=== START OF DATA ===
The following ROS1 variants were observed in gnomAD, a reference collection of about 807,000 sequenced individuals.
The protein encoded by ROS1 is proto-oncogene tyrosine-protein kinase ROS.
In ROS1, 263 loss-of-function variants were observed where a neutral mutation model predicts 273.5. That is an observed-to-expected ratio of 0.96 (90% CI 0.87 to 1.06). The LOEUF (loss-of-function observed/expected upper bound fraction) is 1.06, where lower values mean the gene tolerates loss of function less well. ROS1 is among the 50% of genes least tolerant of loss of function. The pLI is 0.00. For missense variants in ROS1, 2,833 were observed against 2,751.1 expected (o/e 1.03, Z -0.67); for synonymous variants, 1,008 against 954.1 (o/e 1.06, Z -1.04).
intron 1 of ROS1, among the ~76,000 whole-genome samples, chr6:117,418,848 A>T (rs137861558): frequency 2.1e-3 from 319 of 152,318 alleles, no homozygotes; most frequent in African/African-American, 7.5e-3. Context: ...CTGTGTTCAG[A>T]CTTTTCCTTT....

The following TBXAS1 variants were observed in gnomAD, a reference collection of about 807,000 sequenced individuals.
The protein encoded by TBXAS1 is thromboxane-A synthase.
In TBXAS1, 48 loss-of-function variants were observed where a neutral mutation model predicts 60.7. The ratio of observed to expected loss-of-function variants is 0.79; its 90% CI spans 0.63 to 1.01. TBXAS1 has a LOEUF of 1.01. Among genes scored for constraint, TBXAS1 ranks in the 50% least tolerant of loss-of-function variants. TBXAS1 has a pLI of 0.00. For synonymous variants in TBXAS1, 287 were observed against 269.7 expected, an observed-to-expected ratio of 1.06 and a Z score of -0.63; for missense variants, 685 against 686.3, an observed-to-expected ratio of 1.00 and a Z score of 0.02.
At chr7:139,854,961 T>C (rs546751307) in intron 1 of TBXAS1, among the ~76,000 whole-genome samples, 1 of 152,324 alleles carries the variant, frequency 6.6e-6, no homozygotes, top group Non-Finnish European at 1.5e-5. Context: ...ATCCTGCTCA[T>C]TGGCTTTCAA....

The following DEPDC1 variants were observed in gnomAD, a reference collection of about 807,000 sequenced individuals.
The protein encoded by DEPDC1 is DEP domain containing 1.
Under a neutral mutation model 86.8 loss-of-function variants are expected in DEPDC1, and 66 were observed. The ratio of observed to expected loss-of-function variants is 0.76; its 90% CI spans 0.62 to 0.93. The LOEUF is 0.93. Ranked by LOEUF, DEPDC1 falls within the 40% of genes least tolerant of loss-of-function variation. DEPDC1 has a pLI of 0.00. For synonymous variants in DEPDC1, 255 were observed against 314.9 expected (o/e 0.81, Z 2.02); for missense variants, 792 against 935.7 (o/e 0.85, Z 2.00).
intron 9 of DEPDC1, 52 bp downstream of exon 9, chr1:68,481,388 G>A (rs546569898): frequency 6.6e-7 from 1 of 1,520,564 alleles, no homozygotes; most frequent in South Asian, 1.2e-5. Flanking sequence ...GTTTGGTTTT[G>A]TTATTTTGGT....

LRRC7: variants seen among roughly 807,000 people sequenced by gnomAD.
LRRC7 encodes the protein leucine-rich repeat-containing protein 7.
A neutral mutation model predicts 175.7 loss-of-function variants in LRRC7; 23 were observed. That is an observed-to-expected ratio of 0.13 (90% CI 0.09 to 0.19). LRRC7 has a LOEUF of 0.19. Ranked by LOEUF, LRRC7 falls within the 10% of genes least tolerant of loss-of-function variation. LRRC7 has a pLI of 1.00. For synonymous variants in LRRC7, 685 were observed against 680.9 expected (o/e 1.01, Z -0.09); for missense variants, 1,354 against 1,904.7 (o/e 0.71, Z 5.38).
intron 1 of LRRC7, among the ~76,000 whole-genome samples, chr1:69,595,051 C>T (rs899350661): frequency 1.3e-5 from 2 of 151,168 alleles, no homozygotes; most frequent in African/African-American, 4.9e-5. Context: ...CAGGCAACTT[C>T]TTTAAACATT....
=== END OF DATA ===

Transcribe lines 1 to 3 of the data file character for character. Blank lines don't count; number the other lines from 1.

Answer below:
The following ROS1 variants were observed in gnomAD, a reference collection of about 807,000 sequenced individuals.
The protein encoded by ROS1 is proto-oncogene tyrosine-protein kinase ROS.
In ROS1, 263 loss-of-function variants were observed where a neutral mutation model predicts 273.5. That is an observed-to-expected ratio of 0.96 (90% CI 0.87 to 1.06). The LOEUF (loss-of-function observed/expected upper bound fraction) is 1.06, where lower values mean the gene tolerates loss of function less well. ROS1 is among the 50% of genes least tolerant of loss of function. The pLI is 0.00. For missense variants in ROS1, 2,833 were observed against 2,751.1 expected (o/e 1.03, Z -0.67); for synonymous variants, 1,008 against 954.1 (o/e 1.06, Z -1.04).